Genpact Study Reveals Hybrid Workplace Dichotomy

Executives are confident they can maintain their culture in a hybrid work environment, but they remain concerned about the negative impacts the pandemic has had on employee experience, according to a study released by Genpact, a global professional services firm focused on delivering digital transformation.

Conducted with FORTUNE Brand Studio, “Tech for Progress 360” is a three-part series analyzing how companies use technology to drive impact beyond the bottom line. The series examines business progress across three objectives: enhancing workforce culture; delivering environmental sustainability; and achieving diversity, equity, and inclusion.

The first report, Tech for Progress 360: Engage employees, strengthen company culture, examines challenges and opportunities businesses face as they embrace new working models. The study, which reflects input from 500 senior executives from large global enterprises, underscores technology’s critical role in employee engagement and organizational culture.

Indeed, among the respondents whose organizations were the biggest adopters of new technologies during the pandemic, 76 percent strongly agree their company can maintain its culture in a hybrid working environment, vs. 35 percent of others.

Similarly, executives who say their companies’ business performance improved significantly over the past two years are more likely to see the potential of groundbreaking technologies such as artificial intelligence (AI) and advanced analytics to empower people to learn and grow.

“The rapid shift to remote work has been one of the most important management innovations of the past 20 years. Its proven work can be done remotely at scale. But in a post-pandemic world, leading companies will be defined not just by their ability to get work done, but in their ability to create agile, adaptable, hybrid work environments that allow culture and creativity to thrive,” said Tiger Tyagarajan, chief executive officer, Genpact. “To lead through this seismic shift, businesses must combine digital technologies and smart data to drive actionable insights that integrate employees into company culture, enable collaboration, and maintain learning and wellbeing — whether people work remotely, in the office, or blend both.”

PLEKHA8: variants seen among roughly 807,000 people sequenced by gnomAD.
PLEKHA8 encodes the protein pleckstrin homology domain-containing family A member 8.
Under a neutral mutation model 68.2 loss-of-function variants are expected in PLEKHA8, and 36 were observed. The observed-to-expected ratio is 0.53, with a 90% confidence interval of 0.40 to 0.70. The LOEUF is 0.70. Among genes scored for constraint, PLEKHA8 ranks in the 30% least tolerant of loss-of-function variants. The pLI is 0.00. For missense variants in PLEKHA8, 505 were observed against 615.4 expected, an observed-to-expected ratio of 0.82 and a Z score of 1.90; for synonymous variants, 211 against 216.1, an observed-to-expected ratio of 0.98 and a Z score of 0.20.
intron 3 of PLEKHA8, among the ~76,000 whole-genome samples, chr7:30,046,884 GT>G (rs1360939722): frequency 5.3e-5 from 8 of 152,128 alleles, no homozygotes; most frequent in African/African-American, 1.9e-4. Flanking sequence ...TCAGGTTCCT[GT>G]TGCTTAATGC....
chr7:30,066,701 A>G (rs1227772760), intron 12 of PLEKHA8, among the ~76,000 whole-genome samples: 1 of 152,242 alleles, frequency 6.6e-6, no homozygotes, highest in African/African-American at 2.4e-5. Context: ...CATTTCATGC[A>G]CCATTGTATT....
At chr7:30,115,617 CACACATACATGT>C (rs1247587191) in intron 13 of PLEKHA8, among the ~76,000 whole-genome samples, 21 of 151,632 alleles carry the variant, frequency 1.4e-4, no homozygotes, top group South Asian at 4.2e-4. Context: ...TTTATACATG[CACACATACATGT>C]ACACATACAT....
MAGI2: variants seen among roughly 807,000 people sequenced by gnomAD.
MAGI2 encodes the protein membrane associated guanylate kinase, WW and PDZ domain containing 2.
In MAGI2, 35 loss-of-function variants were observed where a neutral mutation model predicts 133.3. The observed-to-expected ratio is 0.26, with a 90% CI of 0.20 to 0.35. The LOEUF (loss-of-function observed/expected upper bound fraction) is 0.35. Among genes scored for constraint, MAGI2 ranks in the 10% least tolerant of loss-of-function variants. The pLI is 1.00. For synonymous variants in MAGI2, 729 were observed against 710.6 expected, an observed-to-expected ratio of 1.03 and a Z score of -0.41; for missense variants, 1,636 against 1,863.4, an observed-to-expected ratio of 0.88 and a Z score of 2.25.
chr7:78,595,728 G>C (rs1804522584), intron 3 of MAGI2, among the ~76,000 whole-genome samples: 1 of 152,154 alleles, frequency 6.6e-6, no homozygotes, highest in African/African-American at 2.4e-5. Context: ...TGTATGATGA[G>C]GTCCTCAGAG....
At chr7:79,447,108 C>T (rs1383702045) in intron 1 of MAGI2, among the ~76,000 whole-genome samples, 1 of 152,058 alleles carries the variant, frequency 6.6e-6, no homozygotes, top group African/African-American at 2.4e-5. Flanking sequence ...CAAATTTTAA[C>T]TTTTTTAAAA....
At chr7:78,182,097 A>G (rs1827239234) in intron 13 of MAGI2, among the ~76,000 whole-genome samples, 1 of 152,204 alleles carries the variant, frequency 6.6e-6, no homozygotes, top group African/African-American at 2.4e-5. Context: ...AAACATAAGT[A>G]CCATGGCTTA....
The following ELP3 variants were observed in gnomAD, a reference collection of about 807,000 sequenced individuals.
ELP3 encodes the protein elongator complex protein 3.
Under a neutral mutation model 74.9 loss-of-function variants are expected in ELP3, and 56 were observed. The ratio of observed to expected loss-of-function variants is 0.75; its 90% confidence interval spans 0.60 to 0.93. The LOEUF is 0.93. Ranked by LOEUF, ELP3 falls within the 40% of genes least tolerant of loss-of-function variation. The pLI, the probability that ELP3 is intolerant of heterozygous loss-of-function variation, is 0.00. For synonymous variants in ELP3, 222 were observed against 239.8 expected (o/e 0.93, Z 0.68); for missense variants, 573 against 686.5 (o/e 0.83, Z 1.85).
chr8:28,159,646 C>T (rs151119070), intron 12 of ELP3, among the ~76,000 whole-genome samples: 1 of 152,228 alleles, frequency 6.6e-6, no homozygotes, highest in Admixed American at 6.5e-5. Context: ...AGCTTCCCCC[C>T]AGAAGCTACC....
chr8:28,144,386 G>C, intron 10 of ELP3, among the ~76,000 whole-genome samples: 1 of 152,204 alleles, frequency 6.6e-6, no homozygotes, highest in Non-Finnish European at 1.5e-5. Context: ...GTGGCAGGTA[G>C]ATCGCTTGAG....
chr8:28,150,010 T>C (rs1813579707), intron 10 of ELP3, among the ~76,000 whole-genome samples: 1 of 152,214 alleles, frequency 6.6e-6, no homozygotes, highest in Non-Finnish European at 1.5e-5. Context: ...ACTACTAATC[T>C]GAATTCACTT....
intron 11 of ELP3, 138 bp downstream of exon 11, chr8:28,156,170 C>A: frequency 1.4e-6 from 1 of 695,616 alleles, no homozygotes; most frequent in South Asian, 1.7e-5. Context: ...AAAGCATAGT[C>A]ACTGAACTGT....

There are many lessons in workplace innovation that will enable the next generation workforce. For example, the report cites a large communications company that created an enterprise social site within its intranet that connects employees — including those who might never have otherwise met — to share stories, discuss best practices, socialize, and collaborate, allowing associates and leaders to connect on a more human level. This business also is updating its conference spaces with cameras and monitors to ensure people have the same experience regardless of whether they are in an onsite meeting room or remote.

Pandemic’s lessons underscore future risks in corporate culture

While nearly all respondents (97 percent) believe their company has a shared culture it can maintain in a hybrid working environment, the report highlights fundamental areas businesses need to address, which if left untouched, could jeopardize their ability to maintain a community of shared values and positive employee experience:

  • Network building – Almost everyone (91 percent) agrees that since the pandemic’s onset, employee interactions have shifted toward problem-solving and away from socializing. While there are some positive benefits to this problem-solving focus, casual exchanges with colleagues enable people to build their networks and integrate with the culture.
  • New-hire integration – Having opportunities for employees to connect and form relationships are critical to the onboarding experience and instilling shared values from the start. Almost half (48 percent) of executives surveyed say increased remote working has negatively impacted their organization’s ability to integrate new hires into their culture.
  • Cross-level relationship building – The bonds between colleagues across different levels of the organization are not being nurtured, potentially hindering the development of future leaders. In fact, 42 percent of respondents say remote working has negatively impacted the connection between senior and junior leaders.
  • Effective collaboration – In the hybrid world, people working in the office and remotely must be able to collaborate quickly and seamlessly. When asked which technology holds the greatest potential for enhancing teamwork, 59 percent of executives surveyed say virtual meeting technologies, but only 11% recognize the potential that improving onsite meeting room technologies has on effective collaboration, suggesting that aligning remote and office experiences may need more experimenting.

Collectively, the study’s findings challenge businesses’ ability to nurture a shared culture if they do not take heed of lessons from the pandemic while continuing to innovate for the future.

“As people adjust to a hybrid world, companies must remember that work requires collaboration and deep human connection — wherever it is performed,” Tyagarajan stressed. “Technology can play an important role in supporting a hybrid environment that works for both employees and customers while delivering long-term business and individual success.”

The next two reports in the “Tech for Progress 360” series will address the role of technology in environmental sustainability and enabling diversity, equity, and inclusion. For more information, see